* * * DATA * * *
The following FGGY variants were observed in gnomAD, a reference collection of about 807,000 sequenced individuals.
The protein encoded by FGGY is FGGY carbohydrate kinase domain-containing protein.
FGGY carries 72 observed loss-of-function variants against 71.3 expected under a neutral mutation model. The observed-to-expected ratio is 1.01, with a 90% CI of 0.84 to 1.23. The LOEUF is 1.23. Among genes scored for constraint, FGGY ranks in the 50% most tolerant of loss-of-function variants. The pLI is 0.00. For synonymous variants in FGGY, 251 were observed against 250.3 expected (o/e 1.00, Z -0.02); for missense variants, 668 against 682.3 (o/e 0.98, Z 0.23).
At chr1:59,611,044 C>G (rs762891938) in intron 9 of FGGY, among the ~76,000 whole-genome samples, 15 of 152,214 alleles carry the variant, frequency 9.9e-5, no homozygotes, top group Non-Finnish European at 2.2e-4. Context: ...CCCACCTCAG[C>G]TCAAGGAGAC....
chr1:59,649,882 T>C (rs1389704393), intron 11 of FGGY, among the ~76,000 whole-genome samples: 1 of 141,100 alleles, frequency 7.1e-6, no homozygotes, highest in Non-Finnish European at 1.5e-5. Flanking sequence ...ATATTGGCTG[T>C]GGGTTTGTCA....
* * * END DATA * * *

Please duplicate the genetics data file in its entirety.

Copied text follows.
The following FGGY variants were observed in gnomAD, a reference collection of about 807,000 sequenced individuals.
The protein encoded by FGGY is FGGY carbohydrate kinase domain-containing protein.
FGGY carries 72 observed loss-of-function variants against 71.3 expected under a neutral mutation model. The observed-to-expected ratio is 1.01, with a 90% CI of 0.84 to 1.23. The LOEUF is 1.23. Among genes scored for constraint, FGGY ranks in the 50% most tolerant of loss-of-function variants. The pLI is 0.00. For synonymous variants in FGGY, 251 were observed against 250.3 expected (o/e 1.00, Z -0.02); for missense variants, 668 against 682.3 (o/e 0.98, Z 0.23).
At chr1:59,611,044 C>G (rs762891938) in intron 9 of FGGY, among the ~76,000 whole-genome samples, 15 of 152,214 alleles carry the variant, frequency 9.9e-5, no homozygotes, top group Non-Finnish European at 2.2e-4. Context: ...CCCACCTCAG[C>G]TCAAGGAGAC....
chr1:59,649,882 T>C (rs1389704393), intron 11 of FGGY, among the ~76,000 whole-genome samples: 1 of 141,100 alleles, frequency 7.1e-6, no homozygotes, highest in Non-Finnish European at 1.5e-5. Flanking sequence ...ATATTGGCTG[T>C]GGGTTTGTCA....